massachusetts institute of technology today's spotlight about
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The iconic MIT home page Spotlight features a daily-changing image and design that focuses on advances in research, technology and education taking place at the Institute. Though some Spotlights do run multiple days - for example Friday's spot usually runs through the weekend, we work very hard to maintain the daily-changing tradition. We've combed our servers and have compiled a digital archive of the Institute home page through the years - well over 2000 images. Enjoy!
Scholar of strifeToday’s Spotlight features a photograph, taken by Bryce Vickmark, of Fotini Christia, an associate professor of political science at MIT.

Western governments often issue travel warnings, alerting their citizens to the hazards of visiting countries beset by political instability, civil war, crime, violence, or terrorist activities.

If Fotini Christia heeded those warnings, she would barely get any work done: Christia specializes in the dynamics of civil wars, local politics, and the postwar reconstruction of states, which she has studied from Afghanistan to Yemen.

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The MIT home page Spotlight showcases the research, technology and education advances taking place at the Institute every day.

What makes it as a Spotlight image is an editorial decision by the MIT News Office based on factors that include timeliness, promotion of MIT's mission, the balance of interest to both internal and external audiences, and appropriateness.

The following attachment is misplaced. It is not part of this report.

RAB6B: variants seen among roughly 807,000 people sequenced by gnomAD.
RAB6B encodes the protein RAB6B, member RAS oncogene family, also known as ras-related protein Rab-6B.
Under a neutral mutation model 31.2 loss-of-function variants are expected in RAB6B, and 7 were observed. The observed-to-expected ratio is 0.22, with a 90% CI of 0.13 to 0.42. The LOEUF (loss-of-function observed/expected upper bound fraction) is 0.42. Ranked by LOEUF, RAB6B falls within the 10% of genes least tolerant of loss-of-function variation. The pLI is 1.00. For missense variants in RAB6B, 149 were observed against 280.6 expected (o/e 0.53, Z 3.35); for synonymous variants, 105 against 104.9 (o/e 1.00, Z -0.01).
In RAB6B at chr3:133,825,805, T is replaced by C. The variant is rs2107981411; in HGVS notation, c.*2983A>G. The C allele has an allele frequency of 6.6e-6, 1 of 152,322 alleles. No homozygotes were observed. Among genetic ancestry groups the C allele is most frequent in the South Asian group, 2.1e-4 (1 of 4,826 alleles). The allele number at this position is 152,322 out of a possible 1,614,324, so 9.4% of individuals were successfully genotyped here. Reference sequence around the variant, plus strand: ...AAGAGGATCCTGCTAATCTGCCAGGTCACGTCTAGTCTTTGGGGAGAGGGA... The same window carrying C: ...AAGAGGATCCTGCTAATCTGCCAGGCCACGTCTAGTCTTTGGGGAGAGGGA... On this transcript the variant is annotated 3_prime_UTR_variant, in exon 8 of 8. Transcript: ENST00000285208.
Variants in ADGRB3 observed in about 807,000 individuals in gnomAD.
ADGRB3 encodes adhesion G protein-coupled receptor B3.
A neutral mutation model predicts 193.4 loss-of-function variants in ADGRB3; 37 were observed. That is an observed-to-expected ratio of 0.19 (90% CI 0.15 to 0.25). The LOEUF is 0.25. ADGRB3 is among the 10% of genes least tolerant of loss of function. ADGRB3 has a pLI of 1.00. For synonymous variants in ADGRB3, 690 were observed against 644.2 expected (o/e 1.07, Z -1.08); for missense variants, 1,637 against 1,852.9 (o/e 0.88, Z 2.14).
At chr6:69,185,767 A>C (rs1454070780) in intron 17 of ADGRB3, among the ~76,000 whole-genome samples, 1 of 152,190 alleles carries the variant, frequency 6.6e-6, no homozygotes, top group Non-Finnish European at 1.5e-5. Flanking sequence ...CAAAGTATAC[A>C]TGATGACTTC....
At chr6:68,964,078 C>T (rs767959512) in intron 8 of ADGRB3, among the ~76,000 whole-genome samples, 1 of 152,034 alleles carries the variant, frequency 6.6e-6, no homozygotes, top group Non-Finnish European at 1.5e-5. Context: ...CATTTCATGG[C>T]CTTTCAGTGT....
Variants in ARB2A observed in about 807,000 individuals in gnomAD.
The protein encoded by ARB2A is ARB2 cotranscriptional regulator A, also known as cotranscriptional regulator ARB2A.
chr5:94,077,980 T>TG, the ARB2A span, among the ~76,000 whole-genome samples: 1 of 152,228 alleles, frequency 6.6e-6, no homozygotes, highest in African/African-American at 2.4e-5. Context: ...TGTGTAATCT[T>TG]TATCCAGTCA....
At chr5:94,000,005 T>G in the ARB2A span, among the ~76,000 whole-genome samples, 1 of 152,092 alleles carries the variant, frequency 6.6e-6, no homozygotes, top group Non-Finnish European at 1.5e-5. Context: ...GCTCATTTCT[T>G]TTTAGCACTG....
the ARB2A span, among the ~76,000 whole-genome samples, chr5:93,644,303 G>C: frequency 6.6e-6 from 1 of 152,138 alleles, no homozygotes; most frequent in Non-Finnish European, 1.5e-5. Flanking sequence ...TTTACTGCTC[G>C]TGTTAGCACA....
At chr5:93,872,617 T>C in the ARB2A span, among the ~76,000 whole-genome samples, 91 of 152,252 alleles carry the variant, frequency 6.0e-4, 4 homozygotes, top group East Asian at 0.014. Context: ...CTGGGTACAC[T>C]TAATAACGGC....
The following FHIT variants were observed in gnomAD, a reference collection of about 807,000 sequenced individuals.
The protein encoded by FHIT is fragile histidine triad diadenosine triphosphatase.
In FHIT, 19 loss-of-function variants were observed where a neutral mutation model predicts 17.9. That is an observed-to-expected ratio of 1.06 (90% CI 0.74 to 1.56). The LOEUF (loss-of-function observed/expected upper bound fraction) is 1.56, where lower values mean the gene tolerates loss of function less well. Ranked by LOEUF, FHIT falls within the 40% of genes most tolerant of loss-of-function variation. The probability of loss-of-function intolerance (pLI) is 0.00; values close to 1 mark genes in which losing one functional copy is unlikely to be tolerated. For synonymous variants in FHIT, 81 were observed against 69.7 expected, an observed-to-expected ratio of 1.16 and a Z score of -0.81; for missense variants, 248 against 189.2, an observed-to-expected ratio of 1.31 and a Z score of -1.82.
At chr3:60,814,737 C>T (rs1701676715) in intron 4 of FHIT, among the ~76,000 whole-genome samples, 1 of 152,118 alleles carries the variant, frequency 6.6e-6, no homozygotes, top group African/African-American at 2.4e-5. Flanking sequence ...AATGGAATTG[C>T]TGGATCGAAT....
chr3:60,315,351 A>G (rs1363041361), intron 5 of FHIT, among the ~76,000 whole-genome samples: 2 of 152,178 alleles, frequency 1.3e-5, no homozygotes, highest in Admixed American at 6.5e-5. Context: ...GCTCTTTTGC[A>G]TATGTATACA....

We do welcome ideas and submissions for spotlights from community members, but please note we are not able to accommodate all requests. We are unable to run event previews or promotions as spotlights; for those looking to promote an event, we are happy to include your listing as an event headline on the homepage (when space is available). For more information, e-mail the spotlight team.

Request a Spotlight or Event Headline, here.
Today’s Spotlight features photographs, by M. Scott Brauer, of scenes from MIT’s Department of Electrical Engineering and Computer Science.

In the 1950s, when MIT researchers were helping to invent the discipline of computer science, they didn’t think of themselves as computer scientists; they thought of themselves as electrical engineers or physicists or mathematicians. Operating systems and programming languages were just tools they needed in order to maximize the productivity of the hugely complex new machines they were building.

By 1975, however, computer science had developed enough autonomy that MIT’s Department of Electrical Engineering changed its name, becoming the Department of Electrical Engineering and Computer Science (EECS). Now, the Computer Science and Artificial Intelligence Laboratory (CSAIL) is the largest lab at MIT.

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